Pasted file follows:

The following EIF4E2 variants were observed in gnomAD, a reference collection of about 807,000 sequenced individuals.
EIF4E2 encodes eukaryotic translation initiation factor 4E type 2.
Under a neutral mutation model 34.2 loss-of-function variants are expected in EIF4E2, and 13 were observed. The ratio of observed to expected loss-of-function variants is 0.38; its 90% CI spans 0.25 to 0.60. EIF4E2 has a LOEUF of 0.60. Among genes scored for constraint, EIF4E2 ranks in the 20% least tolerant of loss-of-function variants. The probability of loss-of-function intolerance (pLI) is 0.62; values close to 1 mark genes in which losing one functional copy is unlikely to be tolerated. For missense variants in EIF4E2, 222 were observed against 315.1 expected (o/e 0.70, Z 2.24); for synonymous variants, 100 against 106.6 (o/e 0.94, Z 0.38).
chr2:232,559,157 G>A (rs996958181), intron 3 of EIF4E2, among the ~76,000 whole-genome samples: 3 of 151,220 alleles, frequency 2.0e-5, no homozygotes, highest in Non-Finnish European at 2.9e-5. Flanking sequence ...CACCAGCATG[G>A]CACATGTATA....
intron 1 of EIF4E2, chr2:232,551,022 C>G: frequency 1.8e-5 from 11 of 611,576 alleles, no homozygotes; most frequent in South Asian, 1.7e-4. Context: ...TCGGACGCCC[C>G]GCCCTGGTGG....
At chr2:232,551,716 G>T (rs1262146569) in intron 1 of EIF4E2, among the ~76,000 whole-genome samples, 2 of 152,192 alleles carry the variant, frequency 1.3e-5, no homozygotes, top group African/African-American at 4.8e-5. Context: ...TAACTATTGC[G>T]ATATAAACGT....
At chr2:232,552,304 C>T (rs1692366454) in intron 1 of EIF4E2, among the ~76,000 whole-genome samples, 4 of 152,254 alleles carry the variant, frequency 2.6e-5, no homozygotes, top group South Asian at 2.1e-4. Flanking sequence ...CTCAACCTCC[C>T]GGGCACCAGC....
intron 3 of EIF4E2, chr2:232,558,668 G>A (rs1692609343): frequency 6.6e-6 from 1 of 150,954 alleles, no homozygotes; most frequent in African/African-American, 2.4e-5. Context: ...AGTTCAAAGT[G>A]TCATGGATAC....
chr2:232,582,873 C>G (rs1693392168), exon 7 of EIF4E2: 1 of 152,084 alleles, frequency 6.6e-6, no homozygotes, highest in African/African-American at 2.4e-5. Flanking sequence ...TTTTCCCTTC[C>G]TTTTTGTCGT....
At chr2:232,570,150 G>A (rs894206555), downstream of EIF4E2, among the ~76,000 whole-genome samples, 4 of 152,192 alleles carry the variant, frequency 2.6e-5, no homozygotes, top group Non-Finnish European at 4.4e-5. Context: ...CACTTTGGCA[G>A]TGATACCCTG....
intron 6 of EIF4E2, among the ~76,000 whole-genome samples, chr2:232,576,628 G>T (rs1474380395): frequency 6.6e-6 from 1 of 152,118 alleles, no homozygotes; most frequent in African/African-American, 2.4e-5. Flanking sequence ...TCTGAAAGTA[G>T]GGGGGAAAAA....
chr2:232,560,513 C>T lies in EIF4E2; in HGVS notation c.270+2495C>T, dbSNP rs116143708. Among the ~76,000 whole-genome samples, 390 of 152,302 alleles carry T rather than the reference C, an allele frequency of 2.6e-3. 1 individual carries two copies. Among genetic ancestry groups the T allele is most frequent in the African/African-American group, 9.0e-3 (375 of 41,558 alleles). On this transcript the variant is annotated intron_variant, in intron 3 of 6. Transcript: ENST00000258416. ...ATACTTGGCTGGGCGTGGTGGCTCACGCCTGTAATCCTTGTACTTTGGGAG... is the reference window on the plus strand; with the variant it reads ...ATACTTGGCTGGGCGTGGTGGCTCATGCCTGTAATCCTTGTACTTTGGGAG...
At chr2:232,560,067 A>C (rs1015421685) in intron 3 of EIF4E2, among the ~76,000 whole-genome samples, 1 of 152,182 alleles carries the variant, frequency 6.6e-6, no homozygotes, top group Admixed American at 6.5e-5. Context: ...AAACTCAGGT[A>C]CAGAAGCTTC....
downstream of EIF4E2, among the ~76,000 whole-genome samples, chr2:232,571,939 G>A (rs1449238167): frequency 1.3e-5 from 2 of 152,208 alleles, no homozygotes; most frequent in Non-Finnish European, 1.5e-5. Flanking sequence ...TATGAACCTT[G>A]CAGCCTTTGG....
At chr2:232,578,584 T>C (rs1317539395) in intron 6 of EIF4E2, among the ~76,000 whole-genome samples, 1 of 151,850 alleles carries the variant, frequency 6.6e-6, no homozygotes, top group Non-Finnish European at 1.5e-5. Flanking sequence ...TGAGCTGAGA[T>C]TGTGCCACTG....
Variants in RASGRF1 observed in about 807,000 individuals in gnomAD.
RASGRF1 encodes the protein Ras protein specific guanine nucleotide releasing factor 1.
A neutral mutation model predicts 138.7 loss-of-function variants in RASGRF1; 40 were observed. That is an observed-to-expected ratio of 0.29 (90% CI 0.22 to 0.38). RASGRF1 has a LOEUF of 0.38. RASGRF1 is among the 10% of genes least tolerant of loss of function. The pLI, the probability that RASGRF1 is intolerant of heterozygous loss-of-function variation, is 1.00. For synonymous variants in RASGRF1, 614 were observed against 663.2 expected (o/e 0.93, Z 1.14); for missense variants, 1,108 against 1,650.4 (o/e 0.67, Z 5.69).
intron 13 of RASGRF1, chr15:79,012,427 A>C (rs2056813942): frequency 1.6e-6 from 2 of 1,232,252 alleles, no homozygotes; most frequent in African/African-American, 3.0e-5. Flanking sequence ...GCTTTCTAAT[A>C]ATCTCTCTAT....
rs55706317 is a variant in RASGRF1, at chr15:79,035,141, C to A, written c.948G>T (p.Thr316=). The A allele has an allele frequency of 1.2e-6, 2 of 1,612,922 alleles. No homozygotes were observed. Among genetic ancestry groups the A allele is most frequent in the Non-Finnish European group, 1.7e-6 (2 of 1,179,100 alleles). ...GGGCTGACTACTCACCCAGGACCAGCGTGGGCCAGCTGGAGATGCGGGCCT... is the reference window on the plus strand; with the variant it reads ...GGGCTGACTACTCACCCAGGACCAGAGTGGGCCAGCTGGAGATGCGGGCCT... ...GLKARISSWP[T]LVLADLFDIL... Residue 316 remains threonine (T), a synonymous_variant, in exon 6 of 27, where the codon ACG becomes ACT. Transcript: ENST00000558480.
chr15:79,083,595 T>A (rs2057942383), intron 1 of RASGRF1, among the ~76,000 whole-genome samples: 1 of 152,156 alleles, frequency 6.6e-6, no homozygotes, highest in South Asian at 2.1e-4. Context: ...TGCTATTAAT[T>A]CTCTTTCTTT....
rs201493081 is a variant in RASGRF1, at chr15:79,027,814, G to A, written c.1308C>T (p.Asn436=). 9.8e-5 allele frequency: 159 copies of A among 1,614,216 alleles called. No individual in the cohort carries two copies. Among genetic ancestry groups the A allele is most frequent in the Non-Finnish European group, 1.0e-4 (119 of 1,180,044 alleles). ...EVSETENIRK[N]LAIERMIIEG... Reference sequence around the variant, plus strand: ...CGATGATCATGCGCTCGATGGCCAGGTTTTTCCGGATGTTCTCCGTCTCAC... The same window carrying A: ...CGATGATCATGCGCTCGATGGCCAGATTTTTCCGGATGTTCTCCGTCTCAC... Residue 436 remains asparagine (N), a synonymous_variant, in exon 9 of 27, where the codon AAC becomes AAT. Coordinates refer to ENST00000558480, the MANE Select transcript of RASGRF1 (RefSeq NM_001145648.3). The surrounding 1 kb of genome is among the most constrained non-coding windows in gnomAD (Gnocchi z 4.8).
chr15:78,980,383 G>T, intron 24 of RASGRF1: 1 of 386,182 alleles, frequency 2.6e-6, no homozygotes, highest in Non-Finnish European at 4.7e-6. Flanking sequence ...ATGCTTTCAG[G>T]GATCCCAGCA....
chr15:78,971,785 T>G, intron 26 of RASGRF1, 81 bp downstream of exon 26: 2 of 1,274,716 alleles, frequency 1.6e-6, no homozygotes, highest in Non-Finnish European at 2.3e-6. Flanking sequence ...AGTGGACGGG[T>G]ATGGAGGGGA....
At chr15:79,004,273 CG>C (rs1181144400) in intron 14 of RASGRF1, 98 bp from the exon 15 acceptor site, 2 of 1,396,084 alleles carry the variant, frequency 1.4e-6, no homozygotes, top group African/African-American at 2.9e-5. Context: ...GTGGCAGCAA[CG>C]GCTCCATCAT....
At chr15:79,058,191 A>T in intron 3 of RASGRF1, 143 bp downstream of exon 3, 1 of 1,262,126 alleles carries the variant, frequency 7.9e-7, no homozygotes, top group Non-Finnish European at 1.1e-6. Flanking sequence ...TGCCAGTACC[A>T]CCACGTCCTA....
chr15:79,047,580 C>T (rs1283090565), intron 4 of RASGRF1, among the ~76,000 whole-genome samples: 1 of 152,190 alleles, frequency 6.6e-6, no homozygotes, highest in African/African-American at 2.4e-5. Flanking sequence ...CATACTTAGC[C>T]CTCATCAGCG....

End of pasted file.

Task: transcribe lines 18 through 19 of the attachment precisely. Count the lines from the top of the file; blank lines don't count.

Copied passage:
A neutral mutation model predicts 138.7 loss-of-function variants in RASGRF1; 40 were observed. That is an observed-to-expected ratio of 0.29 (90% CI 0.22 to 0.38). RASGRF1 has a LOEUF of 0.38. RASGRF1 is among the 10% of genes least tolerant of loss of function. The pLI, the probability that RASGRF1 is intolerant of heterozygous loss-of-function variation, is 1.00. For synonymous variants in RASGRF1, 614 were observed against 663.2 expected (o/e 0.93, Z 1.14); for missense variants, 1,108 against 1,650.4 (o/e 0.67, Z 5.69).
intron 13 of RASGRF1, chr15:79,012,427 A>C (rs2056813942): frequency 1.6e-6 from 2 of 1,232,252 alleles, no homozygotes; most frequent in African/African-American, 3.0e-5. Flanking sequence ...GCTTTCTAAT[A>C]ATCTCTCTAT....